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If You Want to Double Your Money, Don't Touch That Dial

Just about this time last year, we made two bold predictions.

In the first, we told you to expect a big shift from the current high-definition-standard (HD) televisions to next-generation UHDTVs (ultra-high-definition televisions).

In the second, we told you there were immediate opportunities to cash in…

  • Featured Story

    Why We May See a Rally in U.S. Stocks

    With so much negative news dominating the headlines, investors can't be blamed for being worried or shying away from stocks. But if you take closer look at the market - specifically the Standard & Poor's 500 index - you might be surprised by what you see.

    The S&P 500 is down just 3% year-to-date, and is actually up more than 5% over the past three months. The indexes for China, India, and Brazil, on the other hand, are all down over the past three months. Brazil's market index is down 19% year-to-date, China's is down more than 21% and India's is down more than 24%.

    "People don't understand that the S&P 500 has now outperformed the BRIC nations (Brazil, Russia, India and China) for four years," Richard Bernstein, CEO and chief investment officer for Richard Bernstein Advisors, told USA Today. "We are in the very early stages of a resurgence of the U.S. equity markets, and I don't think people are aware of the shift that is going on."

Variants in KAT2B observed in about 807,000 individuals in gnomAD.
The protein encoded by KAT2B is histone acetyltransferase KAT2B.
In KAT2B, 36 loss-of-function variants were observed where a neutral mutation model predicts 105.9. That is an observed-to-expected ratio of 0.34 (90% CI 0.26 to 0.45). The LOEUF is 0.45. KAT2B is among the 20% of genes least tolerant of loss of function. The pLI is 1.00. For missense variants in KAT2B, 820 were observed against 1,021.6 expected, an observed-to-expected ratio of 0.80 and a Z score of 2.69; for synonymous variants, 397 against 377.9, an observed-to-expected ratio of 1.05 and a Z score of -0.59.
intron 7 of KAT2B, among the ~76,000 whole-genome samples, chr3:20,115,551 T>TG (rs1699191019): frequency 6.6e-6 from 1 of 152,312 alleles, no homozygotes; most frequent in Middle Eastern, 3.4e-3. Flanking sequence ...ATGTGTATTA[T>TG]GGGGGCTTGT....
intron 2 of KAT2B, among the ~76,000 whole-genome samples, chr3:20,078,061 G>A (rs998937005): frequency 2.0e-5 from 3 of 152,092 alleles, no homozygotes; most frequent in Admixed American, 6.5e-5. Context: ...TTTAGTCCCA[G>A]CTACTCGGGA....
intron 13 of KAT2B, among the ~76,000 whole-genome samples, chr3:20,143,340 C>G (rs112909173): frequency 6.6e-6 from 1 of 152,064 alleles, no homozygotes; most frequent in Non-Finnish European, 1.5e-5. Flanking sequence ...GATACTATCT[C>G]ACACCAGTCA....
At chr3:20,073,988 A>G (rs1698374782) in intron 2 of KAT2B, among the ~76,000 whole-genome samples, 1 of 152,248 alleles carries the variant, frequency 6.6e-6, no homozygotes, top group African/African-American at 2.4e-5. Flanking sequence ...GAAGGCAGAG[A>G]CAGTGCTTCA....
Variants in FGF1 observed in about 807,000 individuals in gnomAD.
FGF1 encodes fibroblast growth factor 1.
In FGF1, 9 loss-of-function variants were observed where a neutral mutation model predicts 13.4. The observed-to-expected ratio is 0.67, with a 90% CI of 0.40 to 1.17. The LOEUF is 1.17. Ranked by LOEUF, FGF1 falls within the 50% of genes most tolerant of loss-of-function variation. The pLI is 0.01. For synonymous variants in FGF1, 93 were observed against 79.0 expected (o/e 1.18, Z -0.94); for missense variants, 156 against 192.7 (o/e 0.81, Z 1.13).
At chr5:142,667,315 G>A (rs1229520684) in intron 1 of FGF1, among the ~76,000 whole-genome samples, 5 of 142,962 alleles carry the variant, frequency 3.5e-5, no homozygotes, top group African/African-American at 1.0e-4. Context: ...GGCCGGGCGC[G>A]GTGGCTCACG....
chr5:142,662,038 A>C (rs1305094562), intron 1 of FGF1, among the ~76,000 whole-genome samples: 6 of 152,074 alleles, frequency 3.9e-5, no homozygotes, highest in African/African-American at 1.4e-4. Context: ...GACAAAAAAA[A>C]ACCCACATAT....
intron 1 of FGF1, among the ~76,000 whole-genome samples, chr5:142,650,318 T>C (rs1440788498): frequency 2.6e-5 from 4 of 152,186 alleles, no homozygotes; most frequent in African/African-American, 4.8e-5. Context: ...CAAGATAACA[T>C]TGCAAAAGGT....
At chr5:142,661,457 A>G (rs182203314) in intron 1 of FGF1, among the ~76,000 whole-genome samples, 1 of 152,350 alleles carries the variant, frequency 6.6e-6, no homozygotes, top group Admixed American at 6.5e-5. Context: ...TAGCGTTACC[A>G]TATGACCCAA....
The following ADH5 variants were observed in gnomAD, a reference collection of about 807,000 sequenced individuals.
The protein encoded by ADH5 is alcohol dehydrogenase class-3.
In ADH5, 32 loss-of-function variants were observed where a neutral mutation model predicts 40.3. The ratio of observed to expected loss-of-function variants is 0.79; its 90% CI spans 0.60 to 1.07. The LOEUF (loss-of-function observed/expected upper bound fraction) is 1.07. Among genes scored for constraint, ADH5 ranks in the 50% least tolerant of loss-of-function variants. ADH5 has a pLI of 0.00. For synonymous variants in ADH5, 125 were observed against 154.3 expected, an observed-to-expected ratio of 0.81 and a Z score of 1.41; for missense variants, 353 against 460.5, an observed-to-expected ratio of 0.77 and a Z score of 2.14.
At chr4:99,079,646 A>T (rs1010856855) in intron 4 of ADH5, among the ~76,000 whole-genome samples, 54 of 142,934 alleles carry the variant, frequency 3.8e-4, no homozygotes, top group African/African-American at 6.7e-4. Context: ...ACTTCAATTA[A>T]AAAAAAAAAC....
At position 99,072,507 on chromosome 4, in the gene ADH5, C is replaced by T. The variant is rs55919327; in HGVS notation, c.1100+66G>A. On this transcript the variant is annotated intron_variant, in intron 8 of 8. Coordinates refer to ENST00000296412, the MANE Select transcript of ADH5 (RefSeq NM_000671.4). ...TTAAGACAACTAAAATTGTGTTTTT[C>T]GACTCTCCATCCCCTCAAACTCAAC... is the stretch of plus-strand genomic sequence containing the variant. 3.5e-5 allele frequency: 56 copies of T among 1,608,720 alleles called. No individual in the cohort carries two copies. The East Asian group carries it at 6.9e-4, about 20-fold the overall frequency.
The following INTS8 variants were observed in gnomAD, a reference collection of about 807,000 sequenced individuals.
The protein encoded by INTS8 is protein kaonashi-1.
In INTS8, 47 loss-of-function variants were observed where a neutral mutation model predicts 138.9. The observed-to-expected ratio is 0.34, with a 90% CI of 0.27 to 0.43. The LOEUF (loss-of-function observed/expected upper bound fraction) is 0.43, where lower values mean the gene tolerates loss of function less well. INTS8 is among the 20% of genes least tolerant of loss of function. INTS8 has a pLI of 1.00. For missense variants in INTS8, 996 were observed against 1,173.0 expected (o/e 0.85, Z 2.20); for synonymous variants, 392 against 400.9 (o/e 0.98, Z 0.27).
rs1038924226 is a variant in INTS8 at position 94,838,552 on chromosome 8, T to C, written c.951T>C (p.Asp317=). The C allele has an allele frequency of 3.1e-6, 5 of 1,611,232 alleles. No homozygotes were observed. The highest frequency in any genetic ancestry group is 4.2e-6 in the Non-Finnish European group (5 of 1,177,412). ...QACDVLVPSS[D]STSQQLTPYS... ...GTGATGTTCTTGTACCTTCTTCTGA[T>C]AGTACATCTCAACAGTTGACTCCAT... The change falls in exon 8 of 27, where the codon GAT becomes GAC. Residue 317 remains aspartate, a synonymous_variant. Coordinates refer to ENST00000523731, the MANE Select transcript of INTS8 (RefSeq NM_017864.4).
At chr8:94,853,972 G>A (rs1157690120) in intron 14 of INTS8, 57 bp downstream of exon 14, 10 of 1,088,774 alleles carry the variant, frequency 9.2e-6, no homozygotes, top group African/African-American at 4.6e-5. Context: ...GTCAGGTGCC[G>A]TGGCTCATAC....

Indeed, many analysts actually think U.S. stocks are cheap right now.

    The price/earnings (P/E) ratio for the S&P 500 dropped to 12.8 as of the third quarter of 2011. The historical average for the S&P's P/E is 15, meaning stocks are moderately underpriced.

    In fact, the average P/E has been even higher in recent decades. Since 1988 the S&P average P/E has been 19.2 - which translates to a 33% discount for current stock prices.

    Four Reasons for a Rally

    Corporate America has quietly been rebuilding since the financial crisis of 2008, but the constant barrage of bad news - the multiple disasters in Japan in March, budget battles in Washington, concern over the Eurozone debt crisis - has camouflaged much the progress that's been made.